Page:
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Team:ColegioFDR Peru/Problem

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Team:ColegioFDR Peru

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The Problem

 

Chicken farms are extremely important components of the agriculture industry in Peru, primarily within the country’s coastal region where over half of the population of 32 million people lives. The majority of Peru’s inhabitants largely depend on chicken in their daily diets, it being an easily accessible and abundant source of protein, especially for a large number who live in poverty. Just as an example, 12.5 million Pollos a la Brasa (a typical peruvian way of preparing chicken) are consumed monthly. Most people purchase their groceries (including meats) at open stall markets, which are breeding grounds for bacteria, rather than at supermarkets. With Peru being largely centralized and most people living in the capital, most chicken farms and processing plants are located near Lima. The main chicken producing companies in Peru, San Fernando and Rico Pollo, have established the bulk of their industry in Cañete, an impoverished province south of Lima. Cañete suffers from high crime rates, little access to clean water, and an unhygienic environment, all of which end up affecting the functioning of the farms and plants. There is also scarce regulation of facilities and bribery is commonly used to pass inspections.


Feather waste often accumulates within these facilities, which is a problem considering feathers do not degrade easily as they are made up of 90% keratin. Keratin is insoluble and contains sulfur-containing fibrous protein. Other than in feathers, it’s found in skin, hair, nails, hooves, horns, scales, claws, feathers, and teeth. It is synthesized by keratinocytes and is resistant to degradation by general proteases. The polypeptide chains of keratin are arranged into fibrous structures, made from α-keratins or β-keratins that are held by hydrogen bonds and disulfide cross links. It’s supramolecular structure provides keratin with rigidity. The degradation of keratin is a process that requires the synergistic action of sets of enzymes such as keratinases, oxidoreductases and cell wall-degrading glycosyltransferases. The buildup of feather waste is very problematic as it contributes greatly to the transmission of Avian Influenza and Campylobacter. Avian influenza persists in fallen feathers which makes it spread to other chickens more easily and can quickly wipe out entire populations. It can also be transmitted to humans who handle infected chickens (which includes touching their feathers) and can be fatal, as it has killed 60% of people infected since 1997. Peru depends largely on chicken so we need to have a reliable and efficient method of preventing an avian influenza outbreak from affecting the country. Campylobacter is a bacteria that is transmitted among chicken populations through proximity and contact, and it can be found in feather waste or in feces which often clings to feathers. Campylobacter is transmitted to humans through chicken meat, which is more likely in Peru due to poor sanitary conditions of transportation and distribution facilities. According to El Comercio, 73% of Peruvians are affected by Campylobacter (causing diarrhea, stomach pain, and death in the worst cases) at least once a year.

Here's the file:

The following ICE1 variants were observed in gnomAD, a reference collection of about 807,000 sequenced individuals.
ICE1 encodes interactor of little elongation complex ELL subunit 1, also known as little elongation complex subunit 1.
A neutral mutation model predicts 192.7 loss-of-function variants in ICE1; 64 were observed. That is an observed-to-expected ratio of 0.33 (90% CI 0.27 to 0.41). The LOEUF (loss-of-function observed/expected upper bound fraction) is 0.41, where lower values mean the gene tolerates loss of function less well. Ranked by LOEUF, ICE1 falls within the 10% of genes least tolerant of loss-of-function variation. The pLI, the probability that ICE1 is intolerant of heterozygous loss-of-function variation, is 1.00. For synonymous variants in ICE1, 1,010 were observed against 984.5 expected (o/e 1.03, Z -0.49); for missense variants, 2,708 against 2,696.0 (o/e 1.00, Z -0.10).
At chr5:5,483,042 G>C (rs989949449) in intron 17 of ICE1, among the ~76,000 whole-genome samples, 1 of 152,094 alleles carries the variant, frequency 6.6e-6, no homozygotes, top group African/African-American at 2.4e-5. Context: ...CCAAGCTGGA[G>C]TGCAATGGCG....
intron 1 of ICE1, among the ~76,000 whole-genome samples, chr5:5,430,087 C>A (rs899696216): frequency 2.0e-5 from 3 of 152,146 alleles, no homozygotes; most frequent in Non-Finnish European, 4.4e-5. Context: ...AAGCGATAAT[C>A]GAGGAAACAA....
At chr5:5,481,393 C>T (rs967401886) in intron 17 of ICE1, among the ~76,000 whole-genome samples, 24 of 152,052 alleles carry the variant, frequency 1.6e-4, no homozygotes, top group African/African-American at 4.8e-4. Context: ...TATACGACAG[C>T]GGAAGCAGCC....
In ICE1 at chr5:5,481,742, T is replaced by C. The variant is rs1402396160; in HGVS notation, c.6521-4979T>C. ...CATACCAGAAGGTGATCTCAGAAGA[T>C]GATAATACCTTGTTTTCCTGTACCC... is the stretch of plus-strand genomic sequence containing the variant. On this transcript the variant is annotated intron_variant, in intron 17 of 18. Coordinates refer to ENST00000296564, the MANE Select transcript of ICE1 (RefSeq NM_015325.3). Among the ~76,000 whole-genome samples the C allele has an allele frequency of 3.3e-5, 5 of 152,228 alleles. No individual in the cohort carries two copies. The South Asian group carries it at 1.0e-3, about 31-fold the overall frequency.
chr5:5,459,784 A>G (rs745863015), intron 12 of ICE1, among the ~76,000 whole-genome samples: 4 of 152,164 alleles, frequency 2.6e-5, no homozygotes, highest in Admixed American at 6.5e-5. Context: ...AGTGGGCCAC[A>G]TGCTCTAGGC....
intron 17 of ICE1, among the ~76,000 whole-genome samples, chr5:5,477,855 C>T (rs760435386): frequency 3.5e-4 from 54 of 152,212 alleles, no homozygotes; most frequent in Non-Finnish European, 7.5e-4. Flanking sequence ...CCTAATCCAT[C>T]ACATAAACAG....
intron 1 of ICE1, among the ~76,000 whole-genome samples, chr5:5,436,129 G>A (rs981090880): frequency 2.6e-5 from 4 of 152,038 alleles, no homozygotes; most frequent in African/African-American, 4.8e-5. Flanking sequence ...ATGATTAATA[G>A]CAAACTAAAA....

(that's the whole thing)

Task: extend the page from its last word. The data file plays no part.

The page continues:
This issue is of significant global relevance because Campylobacter affects people in countries all over the world, especially those in poverty. Also, Avian Influenza is prevalent worldwide, with many recent outbreaks and a few human deaths in Asia. Research has shown that it is likely that many other diseases and bacteria have increased transmission with buildup of feather waste. The poultry industry faces difficulty in disposing of feather waste globally, with 2 million tons of waste produced annually. (Tseng FCJ, 2011) An efficient way of accomplishing this would provide an incentive for companies to fulfill this responsibility they have and reduce transmission of diseases and bacteria between chickens and to people. In terms of current solutions, chicken producing companies are expected to properly dispose of feather waste through manual cleaning. In more developed countries, laws and regulations are enough to ensure this but in Peru, it is not feasible to expect government reform to solve this problem. Existing microorganisms can degrade chicken feathers, including Bacillus licheniformis, Fumigatus fresenius, and Fervidobacterium islandicum. Peru has prevented large Avian Influenza outbreaks by limiting imports from other countries but there have still been a few reported cases in Lima.

 

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